On Friday, December 16th at 5 pm the NAGB will hold an Artists’ Talk with participating artists April Bey, Tamika Galanis, Steven Schmid, Charlotte Henay and Giovanna Swaby with a unique performance by Jodi Minnis. The artists will focus on the role that activism, imagination, the evolution of the Caribbean digital along with gender constructs as it relates to personal development, process, purpose, and play.
The conversation will be preceded by a unique performance by Jodi Minnis whose work challenges the way that the black female body is read in space and the social mores and constructs that delineate certain freedoms.
April Bey grew up in the Caribbean (Nassau, Bahamas) and now resides and works in Los Angeles, CA. Bey’s work is interdisciplinary and varies based on its content. The work is an introspective and social critique of American and Bahamian popular culture, immigration, contemporary pop culture feminism and race. She received her BFA in drawing in 2009 from Ball State University in Muncie Indiana studying closely with award winning professor and artist John P. Gee. She received her MFA in painting in 2014 at California State University, Northridge in Los Angeles mentored by award winning and accomplished painter and professor Samantha Fields. Bey travels extensively to collect data for her work having just completed a month-long artist residency in Ghana, West Africa. She plans to continue her travels and research this summer, 2017 back to West Africa visiting Senegal, The Gambia, Nigeria, Benin, Togo and Ghana tracing the wax fabric smuggling ring. Bey is both a practicing contemporary artist and art educator having taught a controversial course at Art Center College of Design called Pretty Hurts analyzing process-based art and Beyoncé hashtag faux feminism. Bey is currently a full professor of art at Glendale Community College.
Tamika Galanis is a visual artist and native of Nassau, Bahamas whose work addresses diasporic-‐disconnect by examining issues of home, culture, identity, and performance. Emphasizing the importance of Afro-‐Bahamian cultural identity for cultural preservation, her work documents the aspects of Bahamian life, which are not curated for tourist consumption. Through multimedia storytelling, she employs photography, installation, new media, and film as documentary means to counter the widely held paradisiacal view of the Caribbean, the origins of which arose post-‐emancipation through a controlled, systematic visual framing and commodification of the tropics. Tamika earned a Master of Fine Arts in Documentary and Experimental Arts from Duke University and she teaches photography at the Center for Documentary Studies in Durham, NC.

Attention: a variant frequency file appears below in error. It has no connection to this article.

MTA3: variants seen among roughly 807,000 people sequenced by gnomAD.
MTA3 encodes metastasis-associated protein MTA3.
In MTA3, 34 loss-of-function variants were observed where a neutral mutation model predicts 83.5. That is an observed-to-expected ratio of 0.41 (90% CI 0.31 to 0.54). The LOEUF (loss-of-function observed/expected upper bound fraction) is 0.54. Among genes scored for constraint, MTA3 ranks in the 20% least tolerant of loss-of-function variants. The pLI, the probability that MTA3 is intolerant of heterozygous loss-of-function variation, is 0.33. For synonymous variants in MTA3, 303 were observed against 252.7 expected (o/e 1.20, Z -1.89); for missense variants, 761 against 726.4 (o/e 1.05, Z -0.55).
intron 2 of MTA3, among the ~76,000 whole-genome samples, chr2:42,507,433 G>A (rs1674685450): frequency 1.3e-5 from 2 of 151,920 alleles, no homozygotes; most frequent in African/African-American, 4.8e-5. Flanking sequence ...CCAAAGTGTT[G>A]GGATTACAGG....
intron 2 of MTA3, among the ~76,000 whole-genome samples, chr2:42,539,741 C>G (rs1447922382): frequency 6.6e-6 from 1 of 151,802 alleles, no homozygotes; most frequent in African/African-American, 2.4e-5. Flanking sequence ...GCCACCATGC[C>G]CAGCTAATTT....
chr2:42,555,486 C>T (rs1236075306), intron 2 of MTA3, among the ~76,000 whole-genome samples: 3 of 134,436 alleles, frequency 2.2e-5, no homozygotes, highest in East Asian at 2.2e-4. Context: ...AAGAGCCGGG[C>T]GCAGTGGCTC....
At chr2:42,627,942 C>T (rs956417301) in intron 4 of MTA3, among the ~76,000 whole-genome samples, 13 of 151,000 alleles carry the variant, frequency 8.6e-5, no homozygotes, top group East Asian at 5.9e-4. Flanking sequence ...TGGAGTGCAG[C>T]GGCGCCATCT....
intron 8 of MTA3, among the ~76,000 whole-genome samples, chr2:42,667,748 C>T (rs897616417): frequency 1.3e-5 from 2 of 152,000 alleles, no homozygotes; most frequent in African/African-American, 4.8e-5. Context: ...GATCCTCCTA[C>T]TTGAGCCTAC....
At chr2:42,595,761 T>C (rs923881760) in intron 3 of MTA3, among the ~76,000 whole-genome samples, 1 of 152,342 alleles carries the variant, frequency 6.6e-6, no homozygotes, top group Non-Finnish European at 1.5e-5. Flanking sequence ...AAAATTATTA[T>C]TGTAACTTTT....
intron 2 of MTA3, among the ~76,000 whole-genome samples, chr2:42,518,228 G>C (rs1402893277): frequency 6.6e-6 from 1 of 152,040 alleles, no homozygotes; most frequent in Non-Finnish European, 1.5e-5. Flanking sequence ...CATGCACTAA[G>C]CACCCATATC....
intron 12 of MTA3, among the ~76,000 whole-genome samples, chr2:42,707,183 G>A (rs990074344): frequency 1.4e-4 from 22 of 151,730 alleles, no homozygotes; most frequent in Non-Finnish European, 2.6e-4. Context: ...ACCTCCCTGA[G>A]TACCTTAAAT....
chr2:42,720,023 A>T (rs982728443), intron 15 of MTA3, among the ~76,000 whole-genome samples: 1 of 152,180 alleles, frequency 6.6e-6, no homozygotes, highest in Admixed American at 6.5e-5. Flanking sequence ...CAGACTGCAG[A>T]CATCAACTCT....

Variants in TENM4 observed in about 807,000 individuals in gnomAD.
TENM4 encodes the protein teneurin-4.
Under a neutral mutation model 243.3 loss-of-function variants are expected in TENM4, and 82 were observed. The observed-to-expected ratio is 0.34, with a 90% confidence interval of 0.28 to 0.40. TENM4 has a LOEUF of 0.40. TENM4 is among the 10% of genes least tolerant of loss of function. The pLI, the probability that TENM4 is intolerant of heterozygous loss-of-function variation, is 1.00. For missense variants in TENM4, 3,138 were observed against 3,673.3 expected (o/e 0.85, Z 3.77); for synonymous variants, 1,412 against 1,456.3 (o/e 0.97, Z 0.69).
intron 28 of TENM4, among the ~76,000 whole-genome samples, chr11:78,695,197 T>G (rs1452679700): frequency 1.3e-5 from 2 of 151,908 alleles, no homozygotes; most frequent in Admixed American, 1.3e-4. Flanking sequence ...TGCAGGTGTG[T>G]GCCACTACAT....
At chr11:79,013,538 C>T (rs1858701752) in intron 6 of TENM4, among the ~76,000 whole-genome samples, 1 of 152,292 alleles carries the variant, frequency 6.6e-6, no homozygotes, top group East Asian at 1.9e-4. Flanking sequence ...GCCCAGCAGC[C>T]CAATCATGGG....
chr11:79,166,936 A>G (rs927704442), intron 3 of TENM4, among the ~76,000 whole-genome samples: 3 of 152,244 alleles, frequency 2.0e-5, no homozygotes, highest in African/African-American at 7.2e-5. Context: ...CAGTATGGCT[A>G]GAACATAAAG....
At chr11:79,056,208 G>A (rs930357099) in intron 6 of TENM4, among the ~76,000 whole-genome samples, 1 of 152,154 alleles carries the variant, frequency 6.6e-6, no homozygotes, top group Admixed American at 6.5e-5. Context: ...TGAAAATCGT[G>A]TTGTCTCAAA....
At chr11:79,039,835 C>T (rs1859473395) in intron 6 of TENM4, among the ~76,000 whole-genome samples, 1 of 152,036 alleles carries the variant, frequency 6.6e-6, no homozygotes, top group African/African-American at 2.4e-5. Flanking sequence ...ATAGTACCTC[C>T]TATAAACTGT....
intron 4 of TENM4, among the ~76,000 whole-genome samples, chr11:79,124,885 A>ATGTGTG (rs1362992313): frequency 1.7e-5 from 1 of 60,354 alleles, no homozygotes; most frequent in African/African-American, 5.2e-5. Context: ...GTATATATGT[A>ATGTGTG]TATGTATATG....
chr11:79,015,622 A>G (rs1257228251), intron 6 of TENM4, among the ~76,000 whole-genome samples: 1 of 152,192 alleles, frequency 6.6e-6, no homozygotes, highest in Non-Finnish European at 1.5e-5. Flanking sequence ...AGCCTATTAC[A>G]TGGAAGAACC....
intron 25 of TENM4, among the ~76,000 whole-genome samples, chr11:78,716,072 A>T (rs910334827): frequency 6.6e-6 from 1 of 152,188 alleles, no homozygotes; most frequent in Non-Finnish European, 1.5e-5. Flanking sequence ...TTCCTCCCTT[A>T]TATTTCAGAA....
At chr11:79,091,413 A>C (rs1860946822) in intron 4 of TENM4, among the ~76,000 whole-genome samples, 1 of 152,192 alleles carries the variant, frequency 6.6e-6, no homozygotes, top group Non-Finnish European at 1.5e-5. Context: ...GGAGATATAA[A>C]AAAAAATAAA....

Charlotte Henay is a mother, teacher, storyteller, and researcher. She works to counter extinction myths through story work, and relationships of imagining. Charlotte writes about cultural memory and grandmothers’ gardens, as an activist for Afro-Indigenous futurities. She has a background in critical race theory and being exiled. Her work has been published in Feral Feminisms; Decolonization, Indigeneity, Education and Society, and is forthcoming in a Demeter Press anthology, Mothers, and Daughters. Charlotte’s visual artwork has been shown at FAC: Toronto’s Feminist Art Conference, York University’s Crossroads Gallery and 416 Gallery for MIXEDArtTO. Charlotte has been a teacher, administrator and consultant in First Nations, mainstream and international education contexts, and co-founded Nusdeh Yoh, BC’s first Aboriginal Choice School. She is currently a Ph.D. student in Comparative Perspectives and Cultural Boundaries, at York University.
Jodi Minnis obtained an Associates of Arts: Fine Arts from the College of The Bahamas in July 2015. Since then, Minnis has worked as the Assistant Curator of the Central Bank of The Bahamas Art Gallery, Gallery Assistant at the National Art Gallery of The Bahamas and as the Festival Assistant of the Bahamas International Film Festival. Although Minnis notes herself as an interdisciplinary artist, she is also keen on developing her curatorial practice. She has also been nominated for the National Youth Award and Bahamian Icon Award.
Steven Schmid began a formal art education at The College of The Bahamas, graduating with a BFA in Film/Video + Integrated Media at Emily Carr University of Art + Design in Vancouver, British Columbia in 2016. Schmid’s installations, incorporating elements of drawing, digital printing, collage, sound and video, have been exhibited in several galleries throughout New Providence including Doongalik Studios, The Central Bank of The Bahamas and The National Art Gallery of The Bahamas and internationally at Galerie Ernst Hilger in Vienna, Austria. His work utilises aesthetic and conceptual juxtapositions to morph personal narratives into allegories that encompass themes of nostalgia, hyper-masculinity, anthropomorphism, religion, science, the abject and in turn, their oppositions. He is the recipient of several awards including the 2012 Popopstudios International Centre for the Visual Arts Junior Residency Prize, 2013 Lyford Cay Undergraduate Scholarship and the 2016 Sophie Burnett Memorial Award.
Giovanna Swaby is a mixed media artist whose practice encompasses installation, textiles, collage,performance, and video. Swaby was born and raised in Nassau, Bahamas where she obtained her Associate's degree in Fine Art from The College of The Bahamas in 2012. In 2013, she moved to Vancouver, British Columbia to pursue a Bachelor of Fine Arts degree majoring in Film, Video and Integrated Media at Emily Carr University of Art and Design. Swaby completed the program in 2016and is currently based in Vancouver. Her work has been featured in several international institutions,including spaces in The Bahamas, Canada, China, Austria, Italy and The United States.